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I have an online business. Do I need to register a world-wide trade mark?

This is a common question. At the outset, it’s important to understand that it isn’t actually possible to have a single trademark registration that protects your trade mark worldwide, and that’s because trade mark protection is territorial and it’s governed by the different laws and regulations that are in force in the different countries around the world.

In other words, if you want to protect your trade mark in more than one country, then you may need to file more than one trade mark application, and of course the more countries you wish to register your trade mark in, the higher the cost will be. It is important to know which territories you actually require trade mark protection in.

If you have an online business, just because your business is online, doesn’t necessarily mean you need to register your trade mark in every country where internet users might reside, which is essentially everywhere.

For most businesses, that kind of broad protection isn’t required and isn’t practical or cost effective, unless you’re the likes of Google or Amazon. To help businesses decide where they should register their trade marks, we recommend that they consider their business plan (and if you don’t have one, consider making one) and then ask themselves what their businesses are doing now, and what are the likely to be doing moving forwards.

Do you promote your brand in other countries, and if so, which countries? Do you have records of sales and delivery addresses of your customers? Is so, where are they? Where do you see your business in five years time? So where are you now and where will you be? Where do you plan to be in five years time, particularly in terms of where you plan to be promoting your brand.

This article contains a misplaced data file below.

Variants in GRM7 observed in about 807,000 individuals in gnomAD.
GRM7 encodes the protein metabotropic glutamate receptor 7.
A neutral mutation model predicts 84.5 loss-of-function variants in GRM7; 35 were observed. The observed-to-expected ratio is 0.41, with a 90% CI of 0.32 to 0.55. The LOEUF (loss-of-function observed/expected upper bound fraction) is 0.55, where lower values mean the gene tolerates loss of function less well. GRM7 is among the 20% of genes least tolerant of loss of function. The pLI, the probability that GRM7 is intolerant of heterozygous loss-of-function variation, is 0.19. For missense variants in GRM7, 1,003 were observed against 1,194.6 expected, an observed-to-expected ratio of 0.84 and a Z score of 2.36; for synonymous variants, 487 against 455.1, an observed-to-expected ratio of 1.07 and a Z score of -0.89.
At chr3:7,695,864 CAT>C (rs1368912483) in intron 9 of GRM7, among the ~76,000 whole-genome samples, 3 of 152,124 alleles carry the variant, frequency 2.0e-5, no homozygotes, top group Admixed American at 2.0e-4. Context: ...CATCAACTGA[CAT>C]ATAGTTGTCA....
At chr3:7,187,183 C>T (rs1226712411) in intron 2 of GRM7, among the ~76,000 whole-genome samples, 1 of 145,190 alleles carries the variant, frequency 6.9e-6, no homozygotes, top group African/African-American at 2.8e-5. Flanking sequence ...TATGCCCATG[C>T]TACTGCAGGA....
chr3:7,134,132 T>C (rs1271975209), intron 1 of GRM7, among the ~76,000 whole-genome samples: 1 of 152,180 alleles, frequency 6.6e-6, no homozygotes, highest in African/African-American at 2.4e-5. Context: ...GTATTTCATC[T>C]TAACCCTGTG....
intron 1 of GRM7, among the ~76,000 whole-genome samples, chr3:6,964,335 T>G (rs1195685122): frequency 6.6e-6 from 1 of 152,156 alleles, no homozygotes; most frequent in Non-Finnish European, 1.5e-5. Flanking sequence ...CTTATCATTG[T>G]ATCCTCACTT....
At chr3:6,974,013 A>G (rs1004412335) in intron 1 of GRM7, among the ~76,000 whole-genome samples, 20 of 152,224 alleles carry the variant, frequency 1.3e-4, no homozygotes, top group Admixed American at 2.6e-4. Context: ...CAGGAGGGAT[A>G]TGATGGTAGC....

Would that be in different countries in the coming years, and if so, which countries and what will be the scope of the goods or services and would it be the same as those provided in Australia? Once you’ve ascertained the countries and the goods for those countries that are of relevance to your business, then you can consider how you’re going to protect your trade mark in those other countries, as there are different options available when wishing to register a trade mark internationally.

You can file directly into a foreign country using a national application, which typically requires the services of a trade marks attorney in that country. As you can tell from the name, a national application applies directly to, and will cover, one country. That mode of international filing can be appropriate, if you’re only filing in a single country  or if you wish to protect your trade mark in a country that isn’t a party to certain international agreements that can apply. It can also be appropriate if you wish to protect your trade mark in a country that has very specific filing requirements that set it apart from other countries, such that you almost have to file separately, otherwise you’ll be ending up doing lots of work further down the track to get it into the right form for that particular jurisdiction.

If you’re interested in filing in multiple countries, generally speaking, it’s more practical and cost effective to file what’s called an international application or an international registration. That name is a little confusing because it sounds like it’s blanket international protection, but it actually isn’t.